I showed some kids taking solo rides in a kayak yesterday. The sensei won’t let the young kids even sit inside a real kayak on the water. Kayaks feel unstable — because they are — and that sensation can leave a lasting fearful impression in the little ones. Until they get bigger, they mostly just play in the water (and the big kids do a lot of just playing in the water, too).
This is the last photo in a series of five (to start at the beginning – [click here](http://www.japanwindow.com/index.php?showimage=385)). I took these at our kids’ preschool entrance ceremony. It’s an outdoors oriented preschool (with a related “Outdoors School” for elementary age kids), and the school “uniform” is a wet suit. All the kids had a great time! This is our daughter Reia after taking her ride with the teacher down the river. It’s great, speaking as a parent, to see her with such a big and natural smile.
I mentioned in a previous post that these kids weren’t just talented kayakers — they seemed incredibly mature. The older kids immediately adopted our kids, taking them wherever they needed to go and generally helping look after them. All the kids were easy to talk with and very enjoyable. Afterwards, Hitomi and I talked about it and concluded that they: a) know how to connect (with others) and b) know how to have fun.
I don’t mean to be negative about the culture, but Japanese kids generally have trouble connecting with others and having real fun. I’m not just saying what’s on the top of my head. You hear such things repeated often by television commentators, cultural experts, and in regular conversations.… Keep Reading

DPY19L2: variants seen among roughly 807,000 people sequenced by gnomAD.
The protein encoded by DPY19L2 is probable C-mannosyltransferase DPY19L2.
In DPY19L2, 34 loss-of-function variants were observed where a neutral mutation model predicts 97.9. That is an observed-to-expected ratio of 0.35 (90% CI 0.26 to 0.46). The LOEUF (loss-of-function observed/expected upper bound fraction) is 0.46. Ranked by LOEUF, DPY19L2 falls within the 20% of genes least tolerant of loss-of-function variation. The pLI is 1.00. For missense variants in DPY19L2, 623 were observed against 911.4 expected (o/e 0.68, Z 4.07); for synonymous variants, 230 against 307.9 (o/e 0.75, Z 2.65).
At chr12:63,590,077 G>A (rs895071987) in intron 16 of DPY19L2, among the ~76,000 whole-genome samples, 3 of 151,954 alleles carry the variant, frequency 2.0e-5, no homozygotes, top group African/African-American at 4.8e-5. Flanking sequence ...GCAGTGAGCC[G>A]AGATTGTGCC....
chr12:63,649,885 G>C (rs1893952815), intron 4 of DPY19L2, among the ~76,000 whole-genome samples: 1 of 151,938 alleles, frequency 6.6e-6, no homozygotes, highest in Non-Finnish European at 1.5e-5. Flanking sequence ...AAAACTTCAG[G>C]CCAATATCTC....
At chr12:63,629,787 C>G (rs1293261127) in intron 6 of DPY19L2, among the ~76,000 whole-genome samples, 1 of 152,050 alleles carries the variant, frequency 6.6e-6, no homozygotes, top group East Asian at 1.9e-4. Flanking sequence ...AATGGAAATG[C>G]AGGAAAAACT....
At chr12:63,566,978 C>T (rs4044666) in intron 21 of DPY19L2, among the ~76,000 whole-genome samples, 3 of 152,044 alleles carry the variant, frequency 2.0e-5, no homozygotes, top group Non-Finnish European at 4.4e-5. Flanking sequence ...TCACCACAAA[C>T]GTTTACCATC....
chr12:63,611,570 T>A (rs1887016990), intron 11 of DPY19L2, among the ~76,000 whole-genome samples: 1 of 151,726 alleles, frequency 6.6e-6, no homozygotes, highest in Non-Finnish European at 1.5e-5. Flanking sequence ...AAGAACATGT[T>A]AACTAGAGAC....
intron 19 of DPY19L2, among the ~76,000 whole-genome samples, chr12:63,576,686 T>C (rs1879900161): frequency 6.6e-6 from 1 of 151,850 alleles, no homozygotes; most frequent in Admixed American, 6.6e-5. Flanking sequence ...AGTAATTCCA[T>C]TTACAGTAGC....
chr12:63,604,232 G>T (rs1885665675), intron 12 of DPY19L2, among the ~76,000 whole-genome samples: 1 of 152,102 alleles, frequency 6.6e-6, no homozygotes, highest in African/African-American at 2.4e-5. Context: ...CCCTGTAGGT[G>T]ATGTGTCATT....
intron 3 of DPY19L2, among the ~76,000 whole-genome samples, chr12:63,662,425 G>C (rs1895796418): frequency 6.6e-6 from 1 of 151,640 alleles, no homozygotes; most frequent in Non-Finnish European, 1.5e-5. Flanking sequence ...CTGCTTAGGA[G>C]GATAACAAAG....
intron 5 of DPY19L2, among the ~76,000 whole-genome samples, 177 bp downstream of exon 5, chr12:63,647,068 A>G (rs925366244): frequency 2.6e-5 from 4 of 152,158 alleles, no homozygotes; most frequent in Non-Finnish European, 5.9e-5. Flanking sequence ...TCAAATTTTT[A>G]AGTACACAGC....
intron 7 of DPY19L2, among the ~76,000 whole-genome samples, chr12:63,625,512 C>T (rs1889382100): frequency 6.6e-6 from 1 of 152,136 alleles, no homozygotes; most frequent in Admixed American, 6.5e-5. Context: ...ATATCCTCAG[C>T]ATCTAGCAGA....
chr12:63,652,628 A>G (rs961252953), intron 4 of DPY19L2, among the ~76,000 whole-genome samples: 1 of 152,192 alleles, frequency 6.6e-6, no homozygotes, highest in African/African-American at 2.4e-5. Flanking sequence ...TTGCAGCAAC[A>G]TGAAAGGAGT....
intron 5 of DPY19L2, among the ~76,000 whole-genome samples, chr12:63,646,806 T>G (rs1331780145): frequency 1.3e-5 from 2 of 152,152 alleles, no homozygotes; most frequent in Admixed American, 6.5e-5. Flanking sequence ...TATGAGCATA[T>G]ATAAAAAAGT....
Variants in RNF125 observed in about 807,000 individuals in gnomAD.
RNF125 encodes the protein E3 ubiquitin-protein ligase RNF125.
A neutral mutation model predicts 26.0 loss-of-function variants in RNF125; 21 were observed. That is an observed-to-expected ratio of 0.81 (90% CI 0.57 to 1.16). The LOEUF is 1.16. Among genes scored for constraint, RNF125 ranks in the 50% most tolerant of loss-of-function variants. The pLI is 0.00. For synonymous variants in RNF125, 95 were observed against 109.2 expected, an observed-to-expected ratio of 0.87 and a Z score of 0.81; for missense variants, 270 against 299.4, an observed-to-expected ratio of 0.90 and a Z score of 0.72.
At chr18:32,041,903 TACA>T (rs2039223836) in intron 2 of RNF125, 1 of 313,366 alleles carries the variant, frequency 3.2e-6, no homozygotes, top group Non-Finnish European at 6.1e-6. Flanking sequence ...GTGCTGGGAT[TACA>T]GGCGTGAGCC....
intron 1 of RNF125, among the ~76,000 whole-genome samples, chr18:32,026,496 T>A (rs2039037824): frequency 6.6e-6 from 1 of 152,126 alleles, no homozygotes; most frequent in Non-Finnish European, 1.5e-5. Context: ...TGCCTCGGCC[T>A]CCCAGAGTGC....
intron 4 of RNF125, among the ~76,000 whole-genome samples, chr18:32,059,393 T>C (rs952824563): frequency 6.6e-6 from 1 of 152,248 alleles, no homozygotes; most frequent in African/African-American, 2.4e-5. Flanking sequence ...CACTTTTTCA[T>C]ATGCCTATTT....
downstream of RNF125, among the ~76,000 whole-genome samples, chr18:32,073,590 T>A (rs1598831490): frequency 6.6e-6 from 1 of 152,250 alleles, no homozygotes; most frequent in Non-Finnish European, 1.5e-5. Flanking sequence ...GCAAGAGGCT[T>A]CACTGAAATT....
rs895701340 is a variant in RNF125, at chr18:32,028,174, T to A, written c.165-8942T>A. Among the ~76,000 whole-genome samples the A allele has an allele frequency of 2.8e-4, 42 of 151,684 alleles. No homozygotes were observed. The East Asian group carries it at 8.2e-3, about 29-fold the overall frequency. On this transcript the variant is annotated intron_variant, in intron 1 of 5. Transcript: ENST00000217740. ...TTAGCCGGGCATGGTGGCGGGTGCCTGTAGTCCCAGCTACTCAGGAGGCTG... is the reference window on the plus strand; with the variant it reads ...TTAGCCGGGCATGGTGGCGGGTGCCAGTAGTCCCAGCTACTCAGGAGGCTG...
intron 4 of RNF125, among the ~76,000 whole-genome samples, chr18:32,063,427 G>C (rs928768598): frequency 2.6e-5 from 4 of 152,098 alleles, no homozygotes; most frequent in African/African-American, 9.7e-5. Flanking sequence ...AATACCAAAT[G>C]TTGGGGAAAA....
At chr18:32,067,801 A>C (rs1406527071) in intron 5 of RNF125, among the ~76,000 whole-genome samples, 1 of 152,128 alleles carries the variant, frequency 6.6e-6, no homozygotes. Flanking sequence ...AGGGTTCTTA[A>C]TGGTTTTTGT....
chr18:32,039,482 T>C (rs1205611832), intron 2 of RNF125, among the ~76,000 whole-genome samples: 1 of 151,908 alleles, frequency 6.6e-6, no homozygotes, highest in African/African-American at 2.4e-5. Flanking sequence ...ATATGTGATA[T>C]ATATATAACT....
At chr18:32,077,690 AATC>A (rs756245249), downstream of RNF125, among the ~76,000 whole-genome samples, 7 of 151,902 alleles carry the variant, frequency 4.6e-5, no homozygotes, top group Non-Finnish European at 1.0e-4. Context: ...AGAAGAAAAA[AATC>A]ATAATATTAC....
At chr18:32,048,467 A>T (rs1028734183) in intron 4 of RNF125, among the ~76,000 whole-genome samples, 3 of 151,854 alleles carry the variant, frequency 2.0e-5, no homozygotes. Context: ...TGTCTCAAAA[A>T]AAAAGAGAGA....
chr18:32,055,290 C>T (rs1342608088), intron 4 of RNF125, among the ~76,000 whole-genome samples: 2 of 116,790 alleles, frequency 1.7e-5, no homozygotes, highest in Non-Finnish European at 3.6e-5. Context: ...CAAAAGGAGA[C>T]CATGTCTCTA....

This is the same girl from the previous photo. Here she’s playing around below the whitewater section a bit earlier with a group of others.
Besides being able to paddle a kayak with confidence, these kids were amazingly mature. I’ll say more about that when I get to the last image in this series.
This starts a series of five images. I’ve been writing about our kids’ new preschool (Homei Yochien and Outdoors School) in Hachioji. Today was the “entrance ceremony” for new kids. All the families met beside a river about 20 minutes from our place (the Segami River). First, everyone gathered in a circle, listened to a brief welcoming speech by the sensei, and then introduced themselves by family. Mostly the kids introduced themselves and their parents (except for some of the shy ones). Then numerous “medals” were awarded (for new preschoolers and students in the outdoors school moving to new levels). The teacher had made large plaster medals, three of which our hanging in our living room now. Then all the little kids, including our three, received rides down the river in a large (very safe) inflatable kayak. Finally, several elementary students took a solo ride down the river through the whitewater (not so rough, but harder than it looks in a kayak).
This was the first boy down the river on a solo ride. He’s so small that his helmet appears to be covering his eyes. The sensei paddled to meet him and helped straighten the boy out a bit, but he basically handled it on his own.… Keep Reading